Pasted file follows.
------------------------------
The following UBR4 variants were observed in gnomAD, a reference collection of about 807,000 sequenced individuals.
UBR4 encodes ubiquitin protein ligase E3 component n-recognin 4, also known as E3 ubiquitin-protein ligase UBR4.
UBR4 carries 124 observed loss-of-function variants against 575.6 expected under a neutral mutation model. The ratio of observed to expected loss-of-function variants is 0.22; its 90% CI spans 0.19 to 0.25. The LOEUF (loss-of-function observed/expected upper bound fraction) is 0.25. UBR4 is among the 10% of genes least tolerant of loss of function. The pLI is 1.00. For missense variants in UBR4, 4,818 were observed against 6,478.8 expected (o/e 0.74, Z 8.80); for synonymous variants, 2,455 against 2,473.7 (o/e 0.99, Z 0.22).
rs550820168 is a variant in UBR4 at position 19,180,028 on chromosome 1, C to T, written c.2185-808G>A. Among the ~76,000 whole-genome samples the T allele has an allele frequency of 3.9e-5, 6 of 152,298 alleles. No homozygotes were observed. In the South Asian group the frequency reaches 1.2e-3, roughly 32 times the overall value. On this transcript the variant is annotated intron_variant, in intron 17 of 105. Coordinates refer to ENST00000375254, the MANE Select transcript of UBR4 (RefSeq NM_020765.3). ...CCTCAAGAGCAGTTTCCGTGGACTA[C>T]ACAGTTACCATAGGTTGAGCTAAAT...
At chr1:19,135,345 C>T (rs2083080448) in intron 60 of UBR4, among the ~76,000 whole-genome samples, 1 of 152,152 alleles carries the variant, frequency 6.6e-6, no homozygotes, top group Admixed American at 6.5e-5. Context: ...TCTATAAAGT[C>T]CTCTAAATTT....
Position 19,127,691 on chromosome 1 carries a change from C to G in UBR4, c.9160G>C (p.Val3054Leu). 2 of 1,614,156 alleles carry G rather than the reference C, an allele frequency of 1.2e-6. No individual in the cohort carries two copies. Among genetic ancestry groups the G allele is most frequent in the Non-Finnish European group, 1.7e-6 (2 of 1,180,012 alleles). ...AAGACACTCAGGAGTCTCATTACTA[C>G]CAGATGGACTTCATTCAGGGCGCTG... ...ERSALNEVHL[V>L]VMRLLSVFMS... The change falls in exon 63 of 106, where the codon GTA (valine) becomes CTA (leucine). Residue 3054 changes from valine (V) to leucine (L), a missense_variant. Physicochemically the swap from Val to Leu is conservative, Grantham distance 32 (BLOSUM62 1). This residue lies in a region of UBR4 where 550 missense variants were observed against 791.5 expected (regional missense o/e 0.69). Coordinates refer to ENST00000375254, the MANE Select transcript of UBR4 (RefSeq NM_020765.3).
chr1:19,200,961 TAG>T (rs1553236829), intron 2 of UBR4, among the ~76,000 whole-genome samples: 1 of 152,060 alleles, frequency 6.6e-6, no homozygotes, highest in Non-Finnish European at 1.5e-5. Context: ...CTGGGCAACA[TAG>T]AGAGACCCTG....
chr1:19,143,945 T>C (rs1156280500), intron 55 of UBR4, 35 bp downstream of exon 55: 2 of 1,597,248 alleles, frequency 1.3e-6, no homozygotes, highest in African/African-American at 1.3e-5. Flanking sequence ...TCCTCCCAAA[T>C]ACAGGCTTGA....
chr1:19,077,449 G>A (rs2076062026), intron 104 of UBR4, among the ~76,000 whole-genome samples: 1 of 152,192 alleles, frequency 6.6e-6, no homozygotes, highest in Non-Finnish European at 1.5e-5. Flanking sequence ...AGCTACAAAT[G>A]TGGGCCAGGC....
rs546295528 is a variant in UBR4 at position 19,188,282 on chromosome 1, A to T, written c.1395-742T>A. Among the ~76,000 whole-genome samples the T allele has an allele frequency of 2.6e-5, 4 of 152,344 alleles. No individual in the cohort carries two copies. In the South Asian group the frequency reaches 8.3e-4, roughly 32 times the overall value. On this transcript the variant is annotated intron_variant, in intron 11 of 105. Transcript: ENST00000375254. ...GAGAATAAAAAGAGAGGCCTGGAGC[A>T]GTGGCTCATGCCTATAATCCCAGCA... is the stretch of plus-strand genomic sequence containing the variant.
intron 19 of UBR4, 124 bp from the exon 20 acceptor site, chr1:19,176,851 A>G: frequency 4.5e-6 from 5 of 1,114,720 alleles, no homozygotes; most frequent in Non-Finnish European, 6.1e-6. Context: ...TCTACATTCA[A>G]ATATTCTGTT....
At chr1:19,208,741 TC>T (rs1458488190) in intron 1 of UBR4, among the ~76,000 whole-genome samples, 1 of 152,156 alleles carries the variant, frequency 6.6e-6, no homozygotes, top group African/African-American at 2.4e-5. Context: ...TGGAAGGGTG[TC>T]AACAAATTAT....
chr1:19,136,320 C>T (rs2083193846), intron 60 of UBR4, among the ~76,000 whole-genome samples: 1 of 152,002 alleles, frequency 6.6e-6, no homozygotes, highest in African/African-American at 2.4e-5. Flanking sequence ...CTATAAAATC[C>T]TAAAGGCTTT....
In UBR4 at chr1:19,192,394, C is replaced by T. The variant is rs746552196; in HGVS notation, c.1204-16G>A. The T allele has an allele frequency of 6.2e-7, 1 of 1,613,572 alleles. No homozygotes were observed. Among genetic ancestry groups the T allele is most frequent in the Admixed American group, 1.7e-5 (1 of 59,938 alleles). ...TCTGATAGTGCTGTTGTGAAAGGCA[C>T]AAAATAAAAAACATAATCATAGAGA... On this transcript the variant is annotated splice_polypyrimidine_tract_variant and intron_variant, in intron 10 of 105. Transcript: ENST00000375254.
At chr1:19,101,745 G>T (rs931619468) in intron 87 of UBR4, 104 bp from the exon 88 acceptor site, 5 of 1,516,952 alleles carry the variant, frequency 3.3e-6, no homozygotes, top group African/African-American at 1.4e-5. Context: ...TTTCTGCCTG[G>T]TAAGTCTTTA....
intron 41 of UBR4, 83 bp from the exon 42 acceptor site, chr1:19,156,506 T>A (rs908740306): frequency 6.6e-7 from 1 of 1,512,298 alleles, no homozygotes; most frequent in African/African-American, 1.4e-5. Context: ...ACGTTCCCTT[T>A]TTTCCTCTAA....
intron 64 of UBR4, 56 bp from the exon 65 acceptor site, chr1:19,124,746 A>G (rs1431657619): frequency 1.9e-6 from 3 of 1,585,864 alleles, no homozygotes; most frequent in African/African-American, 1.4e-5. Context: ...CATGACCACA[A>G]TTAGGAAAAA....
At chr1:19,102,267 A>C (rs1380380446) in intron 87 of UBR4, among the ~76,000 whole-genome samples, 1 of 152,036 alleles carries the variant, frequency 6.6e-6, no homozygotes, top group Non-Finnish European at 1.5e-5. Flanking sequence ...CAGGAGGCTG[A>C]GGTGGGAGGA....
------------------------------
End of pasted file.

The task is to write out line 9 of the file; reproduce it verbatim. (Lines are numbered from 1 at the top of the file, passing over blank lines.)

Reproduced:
chr1:19,077,449 G>A (rs2076062026), intron 104 of UBR4, among the ~76,000 whole-genome samples: 1 of 152,192 alleles, frequency 6.6e-6, no homozygotes, highest in Non-Finnish European at 1.5e-5. Flanking sequence ...AGCTACAAAT[G>A]TGGGCCAGGC....